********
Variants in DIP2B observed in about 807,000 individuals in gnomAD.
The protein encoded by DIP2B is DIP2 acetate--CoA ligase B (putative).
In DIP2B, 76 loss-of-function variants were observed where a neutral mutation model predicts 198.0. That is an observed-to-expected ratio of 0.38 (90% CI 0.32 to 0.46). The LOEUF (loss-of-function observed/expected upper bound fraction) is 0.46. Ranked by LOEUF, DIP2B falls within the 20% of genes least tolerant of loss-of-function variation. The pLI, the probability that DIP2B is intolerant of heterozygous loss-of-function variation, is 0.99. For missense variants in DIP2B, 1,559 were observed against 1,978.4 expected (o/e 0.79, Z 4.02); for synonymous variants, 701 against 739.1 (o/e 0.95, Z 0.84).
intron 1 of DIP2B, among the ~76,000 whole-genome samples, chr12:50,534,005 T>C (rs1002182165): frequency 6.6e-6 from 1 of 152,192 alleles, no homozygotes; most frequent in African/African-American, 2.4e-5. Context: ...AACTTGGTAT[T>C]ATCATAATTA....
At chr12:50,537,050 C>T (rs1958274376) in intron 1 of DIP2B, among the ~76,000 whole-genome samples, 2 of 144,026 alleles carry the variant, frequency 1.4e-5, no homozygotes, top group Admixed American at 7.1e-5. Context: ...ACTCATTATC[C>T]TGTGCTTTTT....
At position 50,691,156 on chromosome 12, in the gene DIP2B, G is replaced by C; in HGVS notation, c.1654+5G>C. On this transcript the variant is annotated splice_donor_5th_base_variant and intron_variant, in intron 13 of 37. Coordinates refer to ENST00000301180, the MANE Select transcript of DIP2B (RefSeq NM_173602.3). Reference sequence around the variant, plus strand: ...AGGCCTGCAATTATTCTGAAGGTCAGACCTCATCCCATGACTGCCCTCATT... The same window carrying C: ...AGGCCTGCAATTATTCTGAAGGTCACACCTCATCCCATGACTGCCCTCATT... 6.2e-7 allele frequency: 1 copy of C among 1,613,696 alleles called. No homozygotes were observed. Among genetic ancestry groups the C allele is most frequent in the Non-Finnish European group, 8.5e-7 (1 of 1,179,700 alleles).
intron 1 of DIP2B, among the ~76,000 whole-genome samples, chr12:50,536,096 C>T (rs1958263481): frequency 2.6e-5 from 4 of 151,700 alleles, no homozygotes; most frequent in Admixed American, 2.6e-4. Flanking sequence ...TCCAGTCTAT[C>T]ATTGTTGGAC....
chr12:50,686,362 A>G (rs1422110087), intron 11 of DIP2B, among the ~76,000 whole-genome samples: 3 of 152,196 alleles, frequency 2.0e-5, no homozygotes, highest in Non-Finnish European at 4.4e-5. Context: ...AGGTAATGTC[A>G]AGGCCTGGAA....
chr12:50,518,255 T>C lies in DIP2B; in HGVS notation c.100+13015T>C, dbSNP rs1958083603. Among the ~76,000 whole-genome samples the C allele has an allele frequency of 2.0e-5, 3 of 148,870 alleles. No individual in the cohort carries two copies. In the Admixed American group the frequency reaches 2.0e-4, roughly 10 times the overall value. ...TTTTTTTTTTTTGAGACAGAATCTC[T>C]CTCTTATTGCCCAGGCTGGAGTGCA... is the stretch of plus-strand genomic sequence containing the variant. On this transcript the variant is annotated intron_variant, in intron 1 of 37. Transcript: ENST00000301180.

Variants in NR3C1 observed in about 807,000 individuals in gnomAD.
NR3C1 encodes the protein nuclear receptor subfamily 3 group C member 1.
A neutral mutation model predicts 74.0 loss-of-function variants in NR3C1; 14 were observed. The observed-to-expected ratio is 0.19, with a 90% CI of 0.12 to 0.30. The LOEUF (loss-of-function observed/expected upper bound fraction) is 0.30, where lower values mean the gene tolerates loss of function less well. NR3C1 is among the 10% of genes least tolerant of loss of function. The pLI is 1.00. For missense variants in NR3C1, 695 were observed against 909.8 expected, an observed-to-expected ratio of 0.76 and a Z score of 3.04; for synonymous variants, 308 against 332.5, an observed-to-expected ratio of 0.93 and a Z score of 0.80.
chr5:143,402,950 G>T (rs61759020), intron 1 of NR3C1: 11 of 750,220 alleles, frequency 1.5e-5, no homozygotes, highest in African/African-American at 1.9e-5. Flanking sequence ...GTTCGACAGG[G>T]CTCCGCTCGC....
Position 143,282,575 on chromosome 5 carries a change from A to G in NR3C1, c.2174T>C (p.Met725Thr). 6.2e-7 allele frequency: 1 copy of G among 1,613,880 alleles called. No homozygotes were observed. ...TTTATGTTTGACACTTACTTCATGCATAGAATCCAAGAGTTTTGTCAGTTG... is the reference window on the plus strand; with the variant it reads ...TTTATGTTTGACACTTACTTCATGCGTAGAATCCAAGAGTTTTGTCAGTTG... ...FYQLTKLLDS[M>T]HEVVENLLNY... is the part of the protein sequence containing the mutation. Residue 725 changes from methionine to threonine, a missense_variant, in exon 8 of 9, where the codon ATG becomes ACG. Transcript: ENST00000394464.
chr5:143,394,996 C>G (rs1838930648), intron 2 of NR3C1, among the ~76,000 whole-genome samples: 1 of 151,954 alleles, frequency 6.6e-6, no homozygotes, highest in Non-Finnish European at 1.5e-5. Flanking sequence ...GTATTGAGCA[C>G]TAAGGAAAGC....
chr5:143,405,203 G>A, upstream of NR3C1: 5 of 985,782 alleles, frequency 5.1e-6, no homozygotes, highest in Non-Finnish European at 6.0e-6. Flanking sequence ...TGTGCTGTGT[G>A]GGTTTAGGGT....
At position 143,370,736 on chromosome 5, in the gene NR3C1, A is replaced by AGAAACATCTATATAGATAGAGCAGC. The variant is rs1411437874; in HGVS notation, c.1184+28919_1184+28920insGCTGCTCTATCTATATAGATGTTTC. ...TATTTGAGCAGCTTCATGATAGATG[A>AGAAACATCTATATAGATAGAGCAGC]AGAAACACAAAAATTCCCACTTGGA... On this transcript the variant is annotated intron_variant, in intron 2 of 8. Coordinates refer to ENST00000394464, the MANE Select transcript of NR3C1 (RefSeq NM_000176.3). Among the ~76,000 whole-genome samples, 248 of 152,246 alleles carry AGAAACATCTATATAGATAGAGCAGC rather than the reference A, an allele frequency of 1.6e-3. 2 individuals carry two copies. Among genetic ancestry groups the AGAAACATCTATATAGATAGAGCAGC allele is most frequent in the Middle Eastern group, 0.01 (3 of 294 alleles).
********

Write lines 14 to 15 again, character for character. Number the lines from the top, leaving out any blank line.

Position 143,282,575 on chromosome 5 carries a change from A to G in NR3C1, c.2174T>C (p.Met725Thr). 6.2e-7 allele frequency: 1 copy of G among 1,613,880 alleles called. No homozygotes were observed. ...TTTATGTTTGACACTTACTTCATGCATAGAATCCAAGAGTTTTGTCAGTTG... is the reference window on the plus strand; with the variant it reads ...TTTATGTTTGACACTTACTTCATGCGTAGAATCCAAGAGTTTTGTCAGTTG... ...FYQLTKLLDS[M>T]HEVVENLLNY... is the part of the protein sequence containing the mutation. Residue 725 changes from methionine to threonine, a missense_variant, in exon 8 of 9, where the codon ATG becomes ACG. Transcript: ENST00000394464.
chr5:143,394,996 C>G (rs1838930648), intron 2 of NR3C1, among the ~76,000 whole-genome samples: 1 of 151,954 alleles, frequency 6.6e-6, no homozygotes, highest in Non-Finnish European at 1.5e-5. Flanking sequence ...GTATTGAGCA[C>G]TAAGGAAAGC....